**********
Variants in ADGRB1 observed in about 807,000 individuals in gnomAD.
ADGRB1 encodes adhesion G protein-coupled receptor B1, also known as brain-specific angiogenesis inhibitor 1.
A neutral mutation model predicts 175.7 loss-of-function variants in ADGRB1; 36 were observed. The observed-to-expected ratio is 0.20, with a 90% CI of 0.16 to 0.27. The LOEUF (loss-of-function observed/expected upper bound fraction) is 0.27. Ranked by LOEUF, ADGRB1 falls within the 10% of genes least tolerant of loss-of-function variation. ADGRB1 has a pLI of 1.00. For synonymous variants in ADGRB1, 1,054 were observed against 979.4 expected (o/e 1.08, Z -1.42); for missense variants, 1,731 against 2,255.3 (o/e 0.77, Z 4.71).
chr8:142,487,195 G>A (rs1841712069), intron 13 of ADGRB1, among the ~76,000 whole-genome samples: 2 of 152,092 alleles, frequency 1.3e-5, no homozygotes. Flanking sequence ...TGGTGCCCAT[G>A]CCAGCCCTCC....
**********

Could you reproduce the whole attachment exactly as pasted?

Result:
Variants in ADGRB1 observed in about 807,000 individuals in gnomAD.
ADGRB1 encodes adhesion G protein-coupled receptor B1, also known as brain-specific angiogenesis inhibitor 1.
A neutral mutation model predicts 175.7 loss-of-function variants in ADGRB1; 36 were observed. The observed-to-expected ratio is 0.20, with a 90% CI of 0.16 to 0.27. The LOEUF (loss-of-function observed/expected upper bound fraction) is 0.27. Ranked by LOEUF, ADGRB1 falls within the 10% of genes least tolerant of loss-of-function variation. ADGRB1 has a pLI of 1.00. For synonymous variants in ADGRB1, 1,054 were observed against 979.4 expected (o/e 1.08, Z -1.42); for missense variants, 1,731 against 2,255.3 (o/e 0.77, Z 4.71).
chr8:142,487,195 G>A (rs1841712069), intron 13 of ADGRB1, among the ~76,000 whole-genome samples: 2 of 152,092 alleles, frequency 1.3e-5, no homozygotes. Flanking sequence ...TGGTGCCCAT[G>A]CCAGCCCTCC....